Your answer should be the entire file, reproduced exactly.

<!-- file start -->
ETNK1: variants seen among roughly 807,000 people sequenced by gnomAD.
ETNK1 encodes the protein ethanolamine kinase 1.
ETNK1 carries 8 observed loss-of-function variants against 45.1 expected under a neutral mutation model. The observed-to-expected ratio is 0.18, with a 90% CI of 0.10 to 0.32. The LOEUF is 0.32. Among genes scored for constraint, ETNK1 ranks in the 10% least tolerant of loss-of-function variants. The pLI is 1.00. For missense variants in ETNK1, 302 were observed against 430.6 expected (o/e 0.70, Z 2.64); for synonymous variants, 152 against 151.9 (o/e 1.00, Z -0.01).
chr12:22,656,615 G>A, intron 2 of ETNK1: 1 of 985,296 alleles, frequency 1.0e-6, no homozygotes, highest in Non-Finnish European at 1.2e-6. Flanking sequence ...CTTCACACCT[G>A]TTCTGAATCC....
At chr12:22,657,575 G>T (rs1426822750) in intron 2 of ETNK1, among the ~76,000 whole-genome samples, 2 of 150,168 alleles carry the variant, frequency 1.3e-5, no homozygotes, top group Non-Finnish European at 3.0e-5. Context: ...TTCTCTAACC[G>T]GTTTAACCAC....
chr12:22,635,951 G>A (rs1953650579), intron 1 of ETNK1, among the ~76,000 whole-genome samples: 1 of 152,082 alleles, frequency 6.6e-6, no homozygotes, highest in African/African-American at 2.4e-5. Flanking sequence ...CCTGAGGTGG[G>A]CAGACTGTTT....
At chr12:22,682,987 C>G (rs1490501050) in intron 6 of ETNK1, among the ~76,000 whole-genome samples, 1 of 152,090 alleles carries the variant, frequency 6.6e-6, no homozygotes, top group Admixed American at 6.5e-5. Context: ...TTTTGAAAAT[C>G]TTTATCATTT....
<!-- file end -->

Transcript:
ETNK1: variants seen among roughly 807,000 people sequenced by gnomAD.
ETNK1 encodes the protein ethanolamine kinase 1.
ETNK1 carries 8 observed loss-of-function variants against 45.1 expected under a neutral mutation model. The observed-to-expected ratio is 0.18, with a 90% CI of 0.10 to 0.32. The LOEUF is 0.32. Among genes scored for constraint, ETNK1 ranks in the 10% least tolerant of loss-of-function variants. The pLI is 1.00. For missense variants in ETNK1, 302 were observed against 430.6 expected (o/e 0.70, Z 2.64); for synonymous variants, 152 against 151.9 (o/e 1.00, Z -0.01).
chr12:22,656,615 G>A, intron 2 of ETNK1: 1 of 985,296 alleles, frequency 1.0e-6, no homozygotes, highest in Non-Finnish European at 1.2e-6. Flanking sequence ...CTTCACACCT[G>A]TTCTGAATCC....
At chr12:22,657,575 G>T (rs1426822750) in intron 2 of ETNK1, among the ~76,000 whole-genome samples, 2 of 150,168 alleles carry the variant, frequency 1.3e-5, no homozygotes, top group Non-Finnish European at 3.0e-5. Context: ...TTCTCTAACC[G>T]GTTTAACCAC....
chr12:22,635,951 G>A (rs1953650579), intron 1 of ETNK1, among the ~76,000 whole-genome samples: 1 of 152,082 alleles, frequency 6.6e-6, no homozygotes, highest in African/African-American at 2.4e-5. Flanking sequence ...CCTGAGGTGG[G>A]CAGACTGTTT....
At chr12:22,682,987 C>G (rs1490501050) in intron 6 of ETNK1, among the ~76,000 whole-genome samples, 1 of 152,090 alleles carries the variant, frequency 6.6e-6, no homozygotes, top group Admixed American at 6.5e-5. Context: ...TTTTGAAAAT[C>G]TTTATCATTT....